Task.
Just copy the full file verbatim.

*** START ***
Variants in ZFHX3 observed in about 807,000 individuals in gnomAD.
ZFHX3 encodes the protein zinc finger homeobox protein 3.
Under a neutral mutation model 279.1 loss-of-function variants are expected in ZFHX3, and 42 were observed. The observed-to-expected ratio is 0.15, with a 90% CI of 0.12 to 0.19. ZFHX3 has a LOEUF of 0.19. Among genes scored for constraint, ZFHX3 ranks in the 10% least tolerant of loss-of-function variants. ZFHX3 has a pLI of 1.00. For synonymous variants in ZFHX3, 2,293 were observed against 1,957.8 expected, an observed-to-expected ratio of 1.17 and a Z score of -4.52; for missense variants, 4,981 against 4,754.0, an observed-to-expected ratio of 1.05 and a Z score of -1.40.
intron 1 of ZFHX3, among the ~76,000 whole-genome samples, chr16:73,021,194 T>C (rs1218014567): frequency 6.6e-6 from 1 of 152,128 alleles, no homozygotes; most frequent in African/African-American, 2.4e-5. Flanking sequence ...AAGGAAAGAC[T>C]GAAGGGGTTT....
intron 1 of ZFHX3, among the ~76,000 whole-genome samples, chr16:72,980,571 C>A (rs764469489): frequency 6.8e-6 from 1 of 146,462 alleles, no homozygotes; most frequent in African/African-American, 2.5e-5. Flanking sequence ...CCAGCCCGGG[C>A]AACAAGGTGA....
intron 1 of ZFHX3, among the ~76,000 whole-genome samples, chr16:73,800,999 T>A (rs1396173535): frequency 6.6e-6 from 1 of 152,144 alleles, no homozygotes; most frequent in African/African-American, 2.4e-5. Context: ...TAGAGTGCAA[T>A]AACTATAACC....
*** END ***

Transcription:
Variants in ZFHX3 observed in about 807,000 individuals in gnomAD.
ZFHX3 encodes the protein zinc finger homeobox protein 3.
Under a neutral mutation model 279.1 loss-of-function variants are expected in ZFHX3, and 42 were observed. The observed-to-expected ratio is 0.15, with a 90% CI of 0.12 to 0.19. ZFHX3 has a LOEUF of 0.19. Among genes scored for constraint, ZFHX3 ranks in the 10% least tolerant of loss-of-function variants. ZFHX3 has a pLI of 1.00. For synonymous variants in ZFHX3, 2,293 were observed against 1,957.8 expected, an observed-to-expected ratio of 1.17 and a Z score of -4.52; for missense variants, 4,981 against 4,754.0, an observed-to-expected ratio of 1.05 and a Z score of -1.40.
intron 1 of ZFHX3, among the ~76,000 whole-genome samples, chr16:73,021,194 T>C (rs1218014567): frequency 6.6e-6 from 1 of 152,128 alleles, no homozygotes; most frequent in African/African-American, 2.4e-5. Flanking sequence ...AAGGAAAGAC[T>C]GAAGGGGTTT....
intron 1 of ZFHX3, among the ~76,000 whole-genome samples, chr16:72,980,571 C>A (rs764469489): frequency 6.8e-6 from 1 of 146,462 alleles, no homozygotes; most frequent in African/African-American, 2.5e-5. Flanking sequence ...CCAGCCCGGG[C>A]AACAAGGTGA....
intron 1 of ZFHX3, among the ~76,000 whole-genome samples, chr16:73,800,999 T>A (rs1396173535): frequency 6.6e-6 from 1 of 152,144 alleles, no homozygotes; most frequent in African/African-American, 2.4e-5. Context: ...TAGAGTGCAA[T>A]AACTATAACC....